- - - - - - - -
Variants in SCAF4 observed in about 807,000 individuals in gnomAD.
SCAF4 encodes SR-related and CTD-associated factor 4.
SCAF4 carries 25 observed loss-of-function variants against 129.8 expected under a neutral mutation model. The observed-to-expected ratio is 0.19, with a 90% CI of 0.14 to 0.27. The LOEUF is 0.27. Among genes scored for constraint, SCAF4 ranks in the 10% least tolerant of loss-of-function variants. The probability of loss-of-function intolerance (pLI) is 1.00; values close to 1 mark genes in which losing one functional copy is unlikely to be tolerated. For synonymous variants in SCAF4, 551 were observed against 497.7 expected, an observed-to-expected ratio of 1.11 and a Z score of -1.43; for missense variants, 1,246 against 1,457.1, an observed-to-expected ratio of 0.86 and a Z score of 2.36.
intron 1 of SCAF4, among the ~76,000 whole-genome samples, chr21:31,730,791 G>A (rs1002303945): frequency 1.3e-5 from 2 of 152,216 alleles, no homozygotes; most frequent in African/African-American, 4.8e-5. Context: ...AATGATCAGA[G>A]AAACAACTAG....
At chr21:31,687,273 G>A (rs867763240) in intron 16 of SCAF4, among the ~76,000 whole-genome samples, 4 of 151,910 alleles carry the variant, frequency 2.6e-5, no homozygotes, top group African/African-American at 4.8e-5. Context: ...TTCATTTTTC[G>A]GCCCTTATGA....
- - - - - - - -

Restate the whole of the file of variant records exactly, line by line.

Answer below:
Variants in SCAF4 observed in about 807,000 individuals in gnomAD.
SCAF4 encodes SR-related and CTD-associated factor 4.
SCAF4 carries 25 observed loss-of-function variants against 129.8 expected under a neutral mutation model. The observed-to-expected ratio is 0.19, with a 90% CI of 0.14 to 0.27. The LOEUF is 0.27. Among genes scored for constraint, SCAF4 ranks in the 10% least tolerant of loss-of-function variants. The probability of loss-of-function intolerance (pLI) is 1.00; values close to 1 mark genes in which losing one functional copy is unlikely to be tolerated. For synonymous variants in SCAF4, 551 were observed against 497.7 expected, an observed-to-expected ratio of 1.11 and a Z score of -1.43; for missense variants, 1,246 against 1,457.1, an observed-to-expected ratio of 0.86 and a Z score of 2.36.
intron 1 of SCAF4, among the ~76,000 whole-genome samples, chr21:31,730,791 G>A (rs1002303945): frequency 1.3e-5 from 2 of 152,216 alleles, no homozygotes; most frequent in African/African-American, 4.8e-5. Context: ...AATGATCAGA[G>A]AAACAACTAG....
At chr21:31,687,273 G>A (rs867763240) in intron 16 of SCAF4, among the ~76,000 whole-genome samples, 4 of 151,910 alleles carry the variant, frequency 2.6e-5, no homozygotes, top group African/African-American at 4.8e-5. Context: ...TTCATTTTTC[G>A]GCCCTTATGA....